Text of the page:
“The Zone was all about the students, and we wanted to support what was the most comfortable to them,” says Weber. “We interviewed potential students, as well as students who were already working for Jackson at their headquarters, and asked them what they’d most like to see, do or have access to. One of the significant findings to come out of the work session was that they needed an area where they could simply hang out—a place where they could eat, do their homework or whatever they wanted to. It had to support a variety of activities and at the same time be hip, comfortable and inspirational.”

Offering a variety of seating areas, mobile booths and table spaces—along with a kitchen area that gives students a place to study or simply socialize—the hang space is located on the building’s main floor at street level, providing prime storefront visibility. 

“Jackson’s main goal was to attract the students from across the street, and they wanted them to be able to see inside as they were heading to the nearby Starbucks or bookstore in between classes and say, ‘Wow; what’s that?’” says senior interior designer Michelle Oakley. “The design solution we came up with is both eye-catching and functional, and it features distinctive elements such as a huge chalkboard wall that allows students to communicate announcements or events that are happening throughout the month.”

“It’s unique to anything in East Lansing,” adds Weber. “It’s not a typical space for anything. It’s not retail. It’s not office. It’s not somebody’s living room. It’s a very different place. And students like things that are different and not necessarily the status quo, so that makes it hip. It’s everything that other spaces are not.”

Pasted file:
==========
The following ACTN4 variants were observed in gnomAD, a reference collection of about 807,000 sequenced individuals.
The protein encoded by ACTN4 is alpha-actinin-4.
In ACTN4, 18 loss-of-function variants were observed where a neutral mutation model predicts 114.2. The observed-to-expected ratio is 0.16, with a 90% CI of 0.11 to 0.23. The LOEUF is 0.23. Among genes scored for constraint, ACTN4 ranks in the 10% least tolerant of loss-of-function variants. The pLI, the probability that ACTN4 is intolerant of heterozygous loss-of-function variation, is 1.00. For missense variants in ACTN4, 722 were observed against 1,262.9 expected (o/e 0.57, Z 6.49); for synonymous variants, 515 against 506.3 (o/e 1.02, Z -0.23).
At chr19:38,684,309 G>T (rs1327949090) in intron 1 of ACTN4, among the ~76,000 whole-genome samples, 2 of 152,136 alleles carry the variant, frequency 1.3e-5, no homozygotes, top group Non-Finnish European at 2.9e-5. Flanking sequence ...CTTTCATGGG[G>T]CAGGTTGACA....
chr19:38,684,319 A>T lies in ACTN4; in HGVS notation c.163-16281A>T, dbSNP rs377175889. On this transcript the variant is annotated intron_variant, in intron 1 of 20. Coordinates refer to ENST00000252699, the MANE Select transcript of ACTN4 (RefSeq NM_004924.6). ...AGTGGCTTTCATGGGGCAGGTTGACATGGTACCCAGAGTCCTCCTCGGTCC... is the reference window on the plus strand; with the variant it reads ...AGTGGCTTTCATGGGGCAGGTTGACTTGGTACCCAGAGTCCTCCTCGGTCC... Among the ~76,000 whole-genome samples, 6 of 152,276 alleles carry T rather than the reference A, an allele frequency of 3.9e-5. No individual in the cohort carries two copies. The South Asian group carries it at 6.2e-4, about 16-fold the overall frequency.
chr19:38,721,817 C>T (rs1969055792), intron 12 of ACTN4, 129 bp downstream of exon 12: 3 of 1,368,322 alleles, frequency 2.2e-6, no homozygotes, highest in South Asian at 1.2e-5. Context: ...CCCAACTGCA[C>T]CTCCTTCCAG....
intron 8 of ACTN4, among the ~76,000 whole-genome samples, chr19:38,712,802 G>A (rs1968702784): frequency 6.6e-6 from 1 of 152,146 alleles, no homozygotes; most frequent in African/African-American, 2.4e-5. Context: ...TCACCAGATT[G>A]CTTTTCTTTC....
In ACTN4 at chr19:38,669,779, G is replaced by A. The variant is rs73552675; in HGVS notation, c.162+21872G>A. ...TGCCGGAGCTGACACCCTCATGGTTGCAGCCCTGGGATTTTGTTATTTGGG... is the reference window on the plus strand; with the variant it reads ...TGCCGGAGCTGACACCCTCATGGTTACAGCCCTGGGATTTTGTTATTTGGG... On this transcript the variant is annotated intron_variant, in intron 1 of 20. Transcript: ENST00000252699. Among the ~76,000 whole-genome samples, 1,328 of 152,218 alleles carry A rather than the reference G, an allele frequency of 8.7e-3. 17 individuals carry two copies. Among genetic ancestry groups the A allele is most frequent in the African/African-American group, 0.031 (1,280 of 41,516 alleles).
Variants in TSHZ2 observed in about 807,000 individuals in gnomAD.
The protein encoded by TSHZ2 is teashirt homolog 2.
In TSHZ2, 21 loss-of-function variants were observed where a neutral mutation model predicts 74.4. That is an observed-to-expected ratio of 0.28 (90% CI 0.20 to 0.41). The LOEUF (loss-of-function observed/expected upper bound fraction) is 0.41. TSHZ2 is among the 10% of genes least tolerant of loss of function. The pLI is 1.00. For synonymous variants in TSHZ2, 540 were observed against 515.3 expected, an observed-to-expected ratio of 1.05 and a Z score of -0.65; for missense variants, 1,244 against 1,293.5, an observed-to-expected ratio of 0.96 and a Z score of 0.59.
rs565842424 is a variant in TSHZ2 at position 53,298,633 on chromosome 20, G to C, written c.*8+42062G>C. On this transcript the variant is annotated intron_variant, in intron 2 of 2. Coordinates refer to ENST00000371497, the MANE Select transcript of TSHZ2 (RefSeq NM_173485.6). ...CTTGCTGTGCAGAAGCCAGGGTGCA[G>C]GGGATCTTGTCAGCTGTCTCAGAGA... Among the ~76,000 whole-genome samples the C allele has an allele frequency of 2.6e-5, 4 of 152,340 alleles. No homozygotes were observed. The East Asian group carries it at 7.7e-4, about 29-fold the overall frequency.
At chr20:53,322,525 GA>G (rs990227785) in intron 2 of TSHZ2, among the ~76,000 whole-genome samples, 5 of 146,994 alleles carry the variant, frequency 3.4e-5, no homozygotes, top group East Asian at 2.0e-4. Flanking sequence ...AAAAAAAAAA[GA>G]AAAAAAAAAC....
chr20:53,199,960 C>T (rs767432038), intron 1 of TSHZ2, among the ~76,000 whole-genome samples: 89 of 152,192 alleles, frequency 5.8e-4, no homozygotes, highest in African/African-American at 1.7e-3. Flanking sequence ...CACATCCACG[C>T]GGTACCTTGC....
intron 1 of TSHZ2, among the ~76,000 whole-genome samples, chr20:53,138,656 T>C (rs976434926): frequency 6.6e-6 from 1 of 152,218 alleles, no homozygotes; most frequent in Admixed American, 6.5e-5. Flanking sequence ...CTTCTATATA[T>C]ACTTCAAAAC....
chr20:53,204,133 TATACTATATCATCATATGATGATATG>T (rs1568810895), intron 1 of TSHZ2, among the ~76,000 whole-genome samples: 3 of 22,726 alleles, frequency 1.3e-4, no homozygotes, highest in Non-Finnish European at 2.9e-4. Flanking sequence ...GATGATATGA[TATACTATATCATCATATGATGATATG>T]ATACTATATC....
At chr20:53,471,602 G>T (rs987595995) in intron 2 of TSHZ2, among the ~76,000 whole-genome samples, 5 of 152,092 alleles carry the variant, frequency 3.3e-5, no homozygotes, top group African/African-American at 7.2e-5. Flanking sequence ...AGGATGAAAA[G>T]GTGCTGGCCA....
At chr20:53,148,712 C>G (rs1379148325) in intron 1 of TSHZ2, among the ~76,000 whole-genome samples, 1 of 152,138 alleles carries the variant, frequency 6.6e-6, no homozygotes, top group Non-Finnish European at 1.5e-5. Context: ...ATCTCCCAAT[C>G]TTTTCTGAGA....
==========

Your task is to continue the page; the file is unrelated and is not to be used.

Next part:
Designed to be flexible as well as stylish, GS&P’s hang space design incorporates polished concrete floors, wood elements, open ceilings, glass partitions, inside bike storage and an on-site training room. The multipurpose space also doubles as a public zone for Jackson’s Community Fund activities, allowing for large group meetings.

An Engaging Solution 

Another prominent feature to emerge from the student-centered focus groups was the creation of the bleacher-seat stairway that serves as a large gathering space for impromptu collaboration, study sessions or larger groups. 

“The old Barnes & Noble layout featured two escalators—one going up and one going down—which connected the lower level to the main level,” explains Oakley. “We immediately started thinking about how we could change this because escalators aren’t necessarily inviting or fun. We wanted to keep that space open because there are no windows at all downstairs, so to engage the upper and lower levels, we came up with the concept of a connecting bleacher stair that could also be used for community events.”

“The bleacher-stair solution maximizes that vertical space,” adds Weber. “It makes it an active space versus just making it a link and circulation route. Now it’s a place of communication and camaraderie.” 

Encouraging collaboration and impromptu interactions as students come and go from their workspace, the 25-by-25-foot bleacher stair has the capacity to hold up to 50 people easily, and features reclaimed wood from barns and horse stables in Michigan.

Work Zones and More

Located on both the main and lower levels of the building, the design team centered work zones around the large opening between the floors where the bleacher stair connects the two spaces both physically and visually. 

“We designed these work zones for both full-time and part-time associates who we knew would have the ability to tailor their individual work schedules around their class schedules,” explains Weber. “These spaces weren’t meant to be collaborative because the nature of the work is primarily data entry. So it was more about creating visual access to the entire environment, and it’s a very open and flexible atmosphere. There are no assigned seats in these work zones, and students can simply come in and choose their workspace on any given day.”